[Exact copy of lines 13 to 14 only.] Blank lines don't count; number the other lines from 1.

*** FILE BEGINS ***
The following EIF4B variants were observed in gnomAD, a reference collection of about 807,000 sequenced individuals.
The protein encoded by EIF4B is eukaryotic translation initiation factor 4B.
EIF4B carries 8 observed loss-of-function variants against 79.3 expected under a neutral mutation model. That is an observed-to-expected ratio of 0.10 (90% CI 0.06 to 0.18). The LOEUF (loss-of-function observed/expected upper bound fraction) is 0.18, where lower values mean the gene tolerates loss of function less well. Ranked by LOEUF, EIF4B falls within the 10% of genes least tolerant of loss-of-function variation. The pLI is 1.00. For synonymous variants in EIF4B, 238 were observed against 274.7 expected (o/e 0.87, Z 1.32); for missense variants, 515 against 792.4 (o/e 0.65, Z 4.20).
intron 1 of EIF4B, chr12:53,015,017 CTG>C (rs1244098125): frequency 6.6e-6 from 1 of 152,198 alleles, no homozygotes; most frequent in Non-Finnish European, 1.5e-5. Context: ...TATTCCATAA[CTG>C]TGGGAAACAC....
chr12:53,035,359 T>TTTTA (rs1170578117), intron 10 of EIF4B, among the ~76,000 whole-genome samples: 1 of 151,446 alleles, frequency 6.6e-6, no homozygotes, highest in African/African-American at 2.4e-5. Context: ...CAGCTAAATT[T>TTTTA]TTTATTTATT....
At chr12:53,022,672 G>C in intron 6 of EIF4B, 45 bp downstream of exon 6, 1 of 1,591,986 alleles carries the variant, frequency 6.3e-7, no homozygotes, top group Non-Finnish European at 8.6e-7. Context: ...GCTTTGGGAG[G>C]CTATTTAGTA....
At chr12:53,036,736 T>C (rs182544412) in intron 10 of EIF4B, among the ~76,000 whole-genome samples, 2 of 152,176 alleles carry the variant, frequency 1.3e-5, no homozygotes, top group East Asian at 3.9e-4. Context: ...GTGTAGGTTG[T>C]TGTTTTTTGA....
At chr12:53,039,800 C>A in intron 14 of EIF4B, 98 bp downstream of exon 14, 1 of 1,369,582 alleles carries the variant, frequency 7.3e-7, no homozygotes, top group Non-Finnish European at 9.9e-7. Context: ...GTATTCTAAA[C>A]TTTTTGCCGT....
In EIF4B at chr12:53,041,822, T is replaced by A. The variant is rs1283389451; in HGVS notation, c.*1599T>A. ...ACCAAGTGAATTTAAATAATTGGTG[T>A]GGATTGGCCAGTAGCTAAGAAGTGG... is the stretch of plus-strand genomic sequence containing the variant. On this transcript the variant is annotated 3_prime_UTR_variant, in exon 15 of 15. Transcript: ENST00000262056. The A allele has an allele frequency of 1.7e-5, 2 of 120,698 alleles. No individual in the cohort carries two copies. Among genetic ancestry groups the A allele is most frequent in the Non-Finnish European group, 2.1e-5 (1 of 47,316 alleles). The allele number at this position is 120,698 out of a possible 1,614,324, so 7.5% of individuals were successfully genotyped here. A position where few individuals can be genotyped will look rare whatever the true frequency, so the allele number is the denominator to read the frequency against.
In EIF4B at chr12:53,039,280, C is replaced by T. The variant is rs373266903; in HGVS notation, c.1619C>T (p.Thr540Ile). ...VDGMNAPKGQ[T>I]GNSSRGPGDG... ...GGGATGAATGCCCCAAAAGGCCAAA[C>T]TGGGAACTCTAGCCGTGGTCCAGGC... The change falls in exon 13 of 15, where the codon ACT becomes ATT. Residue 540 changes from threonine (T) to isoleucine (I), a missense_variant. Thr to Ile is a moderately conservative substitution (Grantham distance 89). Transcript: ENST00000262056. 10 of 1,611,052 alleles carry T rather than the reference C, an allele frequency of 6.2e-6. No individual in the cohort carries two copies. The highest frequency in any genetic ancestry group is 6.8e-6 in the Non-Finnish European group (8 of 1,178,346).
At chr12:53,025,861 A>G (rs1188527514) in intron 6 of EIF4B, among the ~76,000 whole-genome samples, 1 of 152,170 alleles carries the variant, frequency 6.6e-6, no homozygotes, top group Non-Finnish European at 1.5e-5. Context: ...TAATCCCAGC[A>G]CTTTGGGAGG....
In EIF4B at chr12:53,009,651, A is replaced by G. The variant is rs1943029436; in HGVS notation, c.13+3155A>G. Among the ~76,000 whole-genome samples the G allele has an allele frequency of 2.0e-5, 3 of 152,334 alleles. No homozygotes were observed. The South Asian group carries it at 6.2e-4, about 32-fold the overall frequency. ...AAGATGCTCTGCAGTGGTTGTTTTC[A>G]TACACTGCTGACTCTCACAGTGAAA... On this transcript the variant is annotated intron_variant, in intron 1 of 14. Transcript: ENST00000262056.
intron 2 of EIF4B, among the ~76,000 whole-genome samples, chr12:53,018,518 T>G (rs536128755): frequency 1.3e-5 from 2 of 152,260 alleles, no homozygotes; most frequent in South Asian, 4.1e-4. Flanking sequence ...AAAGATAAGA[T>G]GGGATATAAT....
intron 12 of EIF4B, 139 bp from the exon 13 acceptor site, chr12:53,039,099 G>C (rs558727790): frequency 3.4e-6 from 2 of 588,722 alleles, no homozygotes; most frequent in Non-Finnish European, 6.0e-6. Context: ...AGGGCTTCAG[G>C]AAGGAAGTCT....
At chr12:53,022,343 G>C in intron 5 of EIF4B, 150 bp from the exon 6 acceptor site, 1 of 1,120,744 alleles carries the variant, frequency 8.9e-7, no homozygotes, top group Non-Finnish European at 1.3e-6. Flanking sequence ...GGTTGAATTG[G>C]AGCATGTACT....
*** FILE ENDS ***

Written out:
intron 2 of EIF4B, among the ~76,000 whole-genome samples, chr12:53,018,518 T>G (rs536128755): frequency 1.3e-5 from 2 of 152,260 alleles, no homozygotes; most frequent in South Asian, 4.1e-4. Flanking sequence ...AAAGATAAGA[T>G]GGGATATAAT....
intron 12 of EIF4B, 139 bp from the exon 13 acceptor site, chr12:53,039,099 G>C (rs558727790): frequency 3.4e-6 from 2 of 588,722 alleles, no homozygotes; most frequent in Non-Finnish European, 6.0e-6. Context: ...AGGGCTTCAG[G>C]AAGGAAGTCT....